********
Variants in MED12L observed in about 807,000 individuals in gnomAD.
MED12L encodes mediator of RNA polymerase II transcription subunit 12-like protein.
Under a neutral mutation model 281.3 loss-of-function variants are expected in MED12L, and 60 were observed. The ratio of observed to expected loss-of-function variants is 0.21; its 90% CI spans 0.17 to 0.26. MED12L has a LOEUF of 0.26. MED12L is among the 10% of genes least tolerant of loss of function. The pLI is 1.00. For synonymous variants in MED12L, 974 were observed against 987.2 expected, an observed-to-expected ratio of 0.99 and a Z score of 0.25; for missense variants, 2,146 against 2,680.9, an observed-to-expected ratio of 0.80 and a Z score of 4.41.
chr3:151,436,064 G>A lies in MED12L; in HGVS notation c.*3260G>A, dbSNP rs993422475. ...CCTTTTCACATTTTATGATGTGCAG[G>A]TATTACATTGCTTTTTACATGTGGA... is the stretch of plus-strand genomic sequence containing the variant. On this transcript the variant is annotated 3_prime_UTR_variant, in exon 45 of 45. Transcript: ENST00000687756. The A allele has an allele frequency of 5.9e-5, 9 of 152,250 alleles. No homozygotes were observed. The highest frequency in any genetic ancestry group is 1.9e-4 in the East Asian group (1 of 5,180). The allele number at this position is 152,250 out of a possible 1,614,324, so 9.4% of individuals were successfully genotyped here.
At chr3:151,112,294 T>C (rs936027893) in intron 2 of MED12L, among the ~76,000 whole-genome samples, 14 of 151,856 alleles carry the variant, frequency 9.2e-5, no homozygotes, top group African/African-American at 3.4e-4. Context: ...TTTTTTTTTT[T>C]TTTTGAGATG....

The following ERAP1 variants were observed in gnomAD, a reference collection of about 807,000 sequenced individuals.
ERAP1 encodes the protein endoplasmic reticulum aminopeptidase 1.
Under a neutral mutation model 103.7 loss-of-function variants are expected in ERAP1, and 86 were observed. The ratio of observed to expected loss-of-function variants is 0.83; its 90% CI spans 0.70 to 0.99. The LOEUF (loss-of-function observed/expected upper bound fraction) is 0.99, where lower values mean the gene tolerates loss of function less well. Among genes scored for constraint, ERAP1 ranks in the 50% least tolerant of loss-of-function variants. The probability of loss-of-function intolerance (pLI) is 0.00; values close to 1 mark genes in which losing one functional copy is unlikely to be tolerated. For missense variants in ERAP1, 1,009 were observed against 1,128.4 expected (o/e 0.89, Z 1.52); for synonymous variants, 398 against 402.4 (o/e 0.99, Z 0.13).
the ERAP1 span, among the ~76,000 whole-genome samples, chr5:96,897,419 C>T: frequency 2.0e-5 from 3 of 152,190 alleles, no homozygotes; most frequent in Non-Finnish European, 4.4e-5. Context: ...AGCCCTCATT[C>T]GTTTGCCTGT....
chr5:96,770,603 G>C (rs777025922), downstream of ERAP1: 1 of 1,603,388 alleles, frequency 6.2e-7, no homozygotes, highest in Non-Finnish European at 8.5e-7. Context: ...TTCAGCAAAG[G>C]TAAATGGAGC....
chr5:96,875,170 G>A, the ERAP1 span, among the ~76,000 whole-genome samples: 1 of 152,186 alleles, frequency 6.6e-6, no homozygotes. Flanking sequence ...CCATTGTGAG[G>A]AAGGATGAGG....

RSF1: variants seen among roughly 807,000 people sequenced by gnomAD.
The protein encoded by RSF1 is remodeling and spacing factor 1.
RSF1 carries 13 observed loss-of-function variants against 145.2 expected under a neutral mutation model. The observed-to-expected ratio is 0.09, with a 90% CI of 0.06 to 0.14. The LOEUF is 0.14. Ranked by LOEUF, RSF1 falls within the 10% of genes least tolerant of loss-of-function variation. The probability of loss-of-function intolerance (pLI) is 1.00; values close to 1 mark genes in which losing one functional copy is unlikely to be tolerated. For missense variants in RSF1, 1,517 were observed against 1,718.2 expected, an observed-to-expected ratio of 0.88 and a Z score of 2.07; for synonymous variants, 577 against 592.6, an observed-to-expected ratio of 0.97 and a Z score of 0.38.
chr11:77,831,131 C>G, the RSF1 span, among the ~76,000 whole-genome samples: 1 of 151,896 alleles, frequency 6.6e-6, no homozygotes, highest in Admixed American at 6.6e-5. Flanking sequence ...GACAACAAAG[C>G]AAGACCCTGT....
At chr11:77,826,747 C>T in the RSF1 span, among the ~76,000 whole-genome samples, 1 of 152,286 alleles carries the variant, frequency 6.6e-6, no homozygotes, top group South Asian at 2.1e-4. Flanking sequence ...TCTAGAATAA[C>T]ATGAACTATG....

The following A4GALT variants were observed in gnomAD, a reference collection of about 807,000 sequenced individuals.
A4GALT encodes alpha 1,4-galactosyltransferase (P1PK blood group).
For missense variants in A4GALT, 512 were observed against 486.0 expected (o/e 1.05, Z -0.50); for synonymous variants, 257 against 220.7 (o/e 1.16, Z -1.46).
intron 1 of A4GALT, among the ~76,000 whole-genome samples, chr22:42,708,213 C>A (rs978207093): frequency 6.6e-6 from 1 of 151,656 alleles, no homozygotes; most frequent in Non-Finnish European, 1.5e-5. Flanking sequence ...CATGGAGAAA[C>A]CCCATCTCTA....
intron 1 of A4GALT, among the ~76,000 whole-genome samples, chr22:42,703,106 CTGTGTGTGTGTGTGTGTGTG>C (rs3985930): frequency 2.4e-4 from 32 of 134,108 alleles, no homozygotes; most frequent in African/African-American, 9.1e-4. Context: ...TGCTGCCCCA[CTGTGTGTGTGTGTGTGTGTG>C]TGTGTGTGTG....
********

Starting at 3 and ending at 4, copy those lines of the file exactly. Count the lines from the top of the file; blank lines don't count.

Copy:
Under a neutral mutation model 281.3 loss-of-function variants are expected in MED12L, and 60 were observed. The ratio of observed to expected loss-of-function variants is 0.21; its 90% CI spans 0.17 to 0.26. MED12L has a LOEUF of 0.26. MED12L is among the 10% of genes least tolerant of loss of function. The pLI is 1.00. For synonymous variants in MED12L, 974 were observed against 987.2 expected, an observed-to-expected ratio of 0.99 and a Z score of 0.25; for missense variants, 2,146 against 2,680.9, an observed-to-expected ratio of 0.80 and a Z score of 4.41.
chr3:151,436,064 G>A lies in MED12L; in HGVS notation c.*3260G>A, dbSNP rs993422475. ...CCTTTTCACATTTTATGATGTGCAG[G>A]TATTACATTGCTTTTTACATGTGGA... is the stretch of plus-strand genomic sequence containing the variant. On this transcript the variant is annotated 3_prime_UTR_variant, in exon 45 of 45. Transcript: ENST00000687756. The A allele has an allele frequency of 5.9e-5, 9 of 152,250 alleles. No homozygotes were observed. The highest frequency in any genetic ancestry group is 1.9e-4 in the East Asian group (1 of 5,180). The allele number at this position is 152,250 out of a possible 1,614,324, so 9.4% of individuals were successfully genotyped here.